• What if, after all this happens, LeBron leads the Nets to the 2012 NBA Finals? What if CC Sabathia shows up at the game, sits courtside, and wears a Yankees cap? What if Cliff Lee is also there and is saluted after leading the Phillies to their third straight World Series title? What if new Yankees centerfielder Grady Sizemore makes a late entrance, slaps five with Lebron, and discusses “the good old days” before sitting down next to Sabathia and Lee?
  • What if everyone reading this gouges their eyes out with a pair of scissors after contemplating the disastrous future that even the Mayans wouldn’t have envisioned for us? What if the 5,000 years ago the Mayans foresaw this future but thought it was so horrible they didn’t even publicize it?

And to think, all this could happen if the Cavs lose to the Minnesota Timberwolves on Friday night. We could all try praying to God none of this happens, but, gee, it appears God wants it to.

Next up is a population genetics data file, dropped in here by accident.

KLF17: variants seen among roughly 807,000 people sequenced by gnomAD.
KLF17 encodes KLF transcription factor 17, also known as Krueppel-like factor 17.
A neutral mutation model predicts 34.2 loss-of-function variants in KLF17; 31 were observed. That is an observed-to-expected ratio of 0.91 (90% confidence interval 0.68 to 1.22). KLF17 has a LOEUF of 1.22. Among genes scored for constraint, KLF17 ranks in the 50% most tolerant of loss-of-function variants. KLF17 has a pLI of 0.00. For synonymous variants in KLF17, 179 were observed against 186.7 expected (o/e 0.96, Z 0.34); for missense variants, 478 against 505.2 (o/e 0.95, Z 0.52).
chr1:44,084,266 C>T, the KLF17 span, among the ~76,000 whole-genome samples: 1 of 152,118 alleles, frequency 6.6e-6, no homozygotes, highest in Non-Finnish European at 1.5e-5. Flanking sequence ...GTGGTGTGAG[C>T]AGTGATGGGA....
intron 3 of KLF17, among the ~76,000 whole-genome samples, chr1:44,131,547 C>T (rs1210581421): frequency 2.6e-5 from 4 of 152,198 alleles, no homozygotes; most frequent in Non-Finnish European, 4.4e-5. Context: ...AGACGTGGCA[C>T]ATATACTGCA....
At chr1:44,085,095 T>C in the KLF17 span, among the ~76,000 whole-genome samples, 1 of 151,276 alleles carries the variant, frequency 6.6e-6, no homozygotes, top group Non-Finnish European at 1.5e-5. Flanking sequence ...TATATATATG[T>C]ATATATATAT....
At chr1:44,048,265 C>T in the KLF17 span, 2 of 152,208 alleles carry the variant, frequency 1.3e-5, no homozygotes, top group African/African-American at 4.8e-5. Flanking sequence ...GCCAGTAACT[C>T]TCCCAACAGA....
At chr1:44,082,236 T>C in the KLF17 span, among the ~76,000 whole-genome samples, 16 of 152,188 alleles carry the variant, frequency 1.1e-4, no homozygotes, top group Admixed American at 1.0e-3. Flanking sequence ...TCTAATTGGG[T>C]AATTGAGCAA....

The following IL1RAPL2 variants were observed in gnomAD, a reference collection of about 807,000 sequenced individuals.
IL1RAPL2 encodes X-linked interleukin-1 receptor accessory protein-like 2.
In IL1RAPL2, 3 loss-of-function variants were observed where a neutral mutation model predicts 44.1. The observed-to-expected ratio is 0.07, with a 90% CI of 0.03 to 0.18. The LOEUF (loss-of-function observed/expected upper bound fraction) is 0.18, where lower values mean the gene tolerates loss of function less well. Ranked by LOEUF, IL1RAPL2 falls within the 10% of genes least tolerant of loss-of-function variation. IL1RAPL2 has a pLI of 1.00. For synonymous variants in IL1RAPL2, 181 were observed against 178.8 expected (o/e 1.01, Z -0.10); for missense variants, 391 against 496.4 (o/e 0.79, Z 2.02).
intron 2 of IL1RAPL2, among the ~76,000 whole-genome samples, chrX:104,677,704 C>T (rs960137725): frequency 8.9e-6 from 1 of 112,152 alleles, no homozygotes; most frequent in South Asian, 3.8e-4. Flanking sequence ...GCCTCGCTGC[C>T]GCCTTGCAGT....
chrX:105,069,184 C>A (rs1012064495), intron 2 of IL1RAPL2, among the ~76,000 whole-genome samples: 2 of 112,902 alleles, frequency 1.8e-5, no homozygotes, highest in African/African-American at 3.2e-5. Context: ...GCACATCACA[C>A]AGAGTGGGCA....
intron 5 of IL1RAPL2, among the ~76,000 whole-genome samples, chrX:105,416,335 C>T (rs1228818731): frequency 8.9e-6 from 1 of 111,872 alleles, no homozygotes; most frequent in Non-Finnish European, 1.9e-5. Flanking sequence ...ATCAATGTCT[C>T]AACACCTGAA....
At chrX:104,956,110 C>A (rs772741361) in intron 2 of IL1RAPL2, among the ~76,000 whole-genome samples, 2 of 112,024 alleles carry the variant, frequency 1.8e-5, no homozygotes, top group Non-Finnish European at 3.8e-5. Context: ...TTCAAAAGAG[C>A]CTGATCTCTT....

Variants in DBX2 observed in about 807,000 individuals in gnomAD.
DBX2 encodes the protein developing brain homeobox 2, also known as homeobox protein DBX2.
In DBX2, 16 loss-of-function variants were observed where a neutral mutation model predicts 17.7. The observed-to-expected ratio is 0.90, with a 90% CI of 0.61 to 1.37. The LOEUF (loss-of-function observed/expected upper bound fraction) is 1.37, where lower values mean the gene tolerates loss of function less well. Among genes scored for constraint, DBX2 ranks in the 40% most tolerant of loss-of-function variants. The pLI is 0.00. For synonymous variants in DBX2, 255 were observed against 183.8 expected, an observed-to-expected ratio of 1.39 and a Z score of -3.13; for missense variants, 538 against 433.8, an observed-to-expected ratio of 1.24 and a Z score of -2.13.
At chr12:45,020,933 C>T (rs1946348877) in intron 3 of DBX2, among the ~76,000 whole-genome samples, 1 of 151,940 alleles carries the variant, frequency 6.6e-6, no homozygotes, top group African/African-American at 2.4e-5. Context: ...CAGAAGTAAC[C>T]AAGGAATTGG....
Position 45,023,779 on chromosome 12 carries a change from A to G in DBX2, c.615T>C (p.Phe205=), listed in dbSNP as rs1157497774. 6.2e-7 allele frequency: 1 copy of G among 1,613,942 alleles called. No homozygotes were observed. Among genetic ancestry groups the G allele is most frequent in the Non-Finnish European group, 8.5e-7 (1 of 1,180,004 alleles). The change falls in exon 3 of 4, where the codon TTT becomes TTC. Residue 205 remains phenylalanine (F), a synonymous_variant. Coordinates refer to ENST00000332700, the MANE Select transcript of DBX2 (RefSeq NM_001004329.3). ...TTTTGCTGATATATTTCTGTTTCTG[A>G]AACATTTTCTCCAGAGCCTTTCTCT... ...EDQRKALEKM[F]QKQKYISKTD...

Woe, Canada

October 28, 2009


The good news is that the Knicks lost by 22 points Wednesday night.

The bad news is everything else.

Cleveland fans thought they could step away from their sports woes at least for one night and watch the Cavs instead of CC Sabathia pitch against Cliff Lee in the World Series. Ooops! Instead, the Cavs turned in another dud, falling behind the Toronto Raptors just four minutes into the game and never regaining the lead in a 98-91 loss. (That ghost of playoffs past, Hedo Turkoglu, scored 12 points and grabbed seven rebounds to aid the Raptors.)

It’s officially panic time in Cleveland. Maybe we don’t have to worry about LeBron bolting for New York two seconds after his contract expires next spring, but he might be willing to go just about anywhere else if this keeps up. And if you don’t believe that, you didn’t watch the Indians ruin their season with an 0-6 start and you didn’t watch the Browns blow up their campaign with an 0-4 start. (Hey, come to think of it, maybe an 0-2 start is merely a flesh wound.)


  • Last season the Cavs didn’t lose their first home game until February against the Lakers. This time around they took care of that in the first game of the season.